Lone Pine Cemetery

Gallipoli Peninsula

Lone Pine is perhaps the most moving of all the Anzac cemeteries. Australian forces captured the Turkish positions here on the afternoon of 6 August 1915. During the battle, which was staged in an area the size of a soccer field, more than 4000 men died and thousands more were injured.

The tombstones carry touching epitaphs and the cemetery includes the grave of the youngest soldier to die here, a boy of just 14. The remains of trenches can be seen just behind the parking area.

The trees that shaded the cemetery were swept away by a forest fire in 1994, leaving only one: a lone pine planted from the seed of the original solitary tree, which stood here at the beginning of the battle and gave the battlefield its name.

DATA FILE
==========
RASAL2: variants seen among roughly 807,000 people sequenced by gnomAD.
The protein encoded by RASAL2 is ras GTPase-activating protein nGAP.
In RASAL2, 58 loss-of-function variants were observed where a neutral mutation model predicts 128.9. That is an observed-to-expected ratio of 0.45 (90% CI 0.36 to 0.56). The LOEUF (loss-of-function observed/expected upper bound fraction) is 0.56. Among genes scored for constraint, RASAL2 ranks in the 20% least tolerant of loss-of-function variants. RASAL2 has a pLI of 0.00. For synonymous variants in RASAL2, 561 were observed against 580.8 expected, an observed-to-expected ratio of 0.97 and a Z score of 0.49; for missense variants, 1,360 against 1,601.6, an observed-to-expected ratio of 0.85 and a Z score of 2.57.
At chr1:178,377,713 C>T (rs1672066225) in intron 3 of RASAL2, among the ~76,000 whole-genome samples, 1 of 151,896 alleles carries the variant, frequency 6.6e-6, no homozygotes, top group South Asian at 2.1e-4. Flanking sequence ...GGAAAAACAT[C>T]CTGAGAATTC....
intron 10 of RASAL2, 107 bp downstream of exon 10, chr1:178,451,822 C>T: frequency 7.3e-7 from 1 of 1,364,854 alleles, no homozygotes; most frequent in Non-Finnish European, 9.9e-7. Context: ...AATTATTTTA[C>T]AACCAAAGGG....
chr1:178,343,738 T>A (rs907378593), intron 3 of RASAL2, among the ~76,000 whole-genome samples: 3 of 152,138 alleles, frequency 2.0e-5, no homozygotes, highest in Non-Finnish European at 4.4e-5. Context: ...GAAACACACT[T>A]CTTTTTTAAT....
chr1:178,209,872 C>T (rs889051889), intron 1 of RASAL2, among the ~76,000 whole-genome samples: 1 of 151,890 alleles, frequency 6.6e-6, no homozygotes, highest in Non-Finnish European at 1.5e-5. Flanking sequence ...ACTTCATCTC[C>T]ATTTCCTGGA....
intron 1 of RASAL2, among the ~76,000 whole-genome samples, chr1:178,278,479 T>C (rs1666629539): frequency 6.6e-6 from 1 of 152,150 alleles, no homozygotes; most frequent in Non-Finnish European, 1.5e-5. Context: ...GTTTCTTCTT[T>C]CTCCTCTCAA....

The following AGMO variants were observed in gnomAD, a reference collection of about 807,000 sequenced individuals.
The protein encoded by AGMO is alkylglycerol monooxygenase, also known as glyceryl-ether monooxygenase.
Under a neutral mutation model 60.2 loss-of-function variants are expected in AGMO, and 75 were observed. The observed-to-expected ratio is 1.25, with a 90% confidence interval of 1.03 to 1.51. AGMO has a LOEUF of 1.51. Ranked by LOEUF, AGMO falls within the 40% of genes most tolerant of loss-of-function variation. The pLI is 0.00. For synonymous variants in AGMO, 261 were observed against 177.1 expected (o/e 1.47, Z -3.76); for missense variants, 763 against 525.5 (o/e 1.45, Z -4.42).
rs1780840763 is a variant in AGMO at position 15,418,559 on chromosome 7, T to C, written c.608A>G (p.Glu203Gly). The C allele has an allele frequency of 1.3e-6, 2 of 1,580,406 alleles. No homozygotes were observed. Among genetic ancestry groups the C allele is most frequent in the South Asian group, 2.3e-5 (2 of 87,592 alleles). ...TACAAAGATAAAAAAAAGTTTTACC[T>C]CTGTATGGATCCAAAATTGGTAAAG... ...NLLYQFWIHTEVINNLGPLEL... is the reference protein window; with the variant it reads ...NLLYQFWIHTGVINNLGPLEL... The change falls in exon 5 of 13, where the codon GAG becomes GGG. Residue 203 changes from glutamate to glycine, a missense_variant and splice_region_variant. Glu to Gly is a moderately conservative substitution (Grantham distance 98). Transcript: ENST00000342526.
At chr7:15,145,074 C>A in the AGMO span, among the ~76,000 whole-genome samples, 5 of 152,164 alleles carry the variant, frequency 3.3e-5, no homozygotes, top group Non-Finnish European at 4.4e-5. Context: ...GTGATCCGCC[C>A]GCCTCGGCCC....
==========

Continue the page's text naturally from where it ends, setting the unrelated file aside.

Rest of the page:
Lonely Planet's must-see attractions

Nearby Gallipoli Peninsula attractions

1. Johnston's Jolly

0.16 MILES

Allied cemetery 200m from Lone Pine cemetery, accessed by a road that marks what was the thin strip of no-man's land between the Turkish and Allied…

2. Kanlısırt Kitabesi

0.22 MILES

Kanlısırt Kitabesi describes the battle of Lone Pine from the Turkish viewpoint.

5. 57 Alay Cemetery

0.55 MILES

Cemetery and monument for the Ottoman 57th Regiment. This regiment was led by Mustafa Kemal (later Atatürk) and was responsible for halting the Anzac…

7. Beach (Hell Spit) Cemetery

0.57 MILES

Cemetery a short drive north along the coastal road from Brighton Beach. More than 300 Australian, British and New Zealand soldiers are buried here.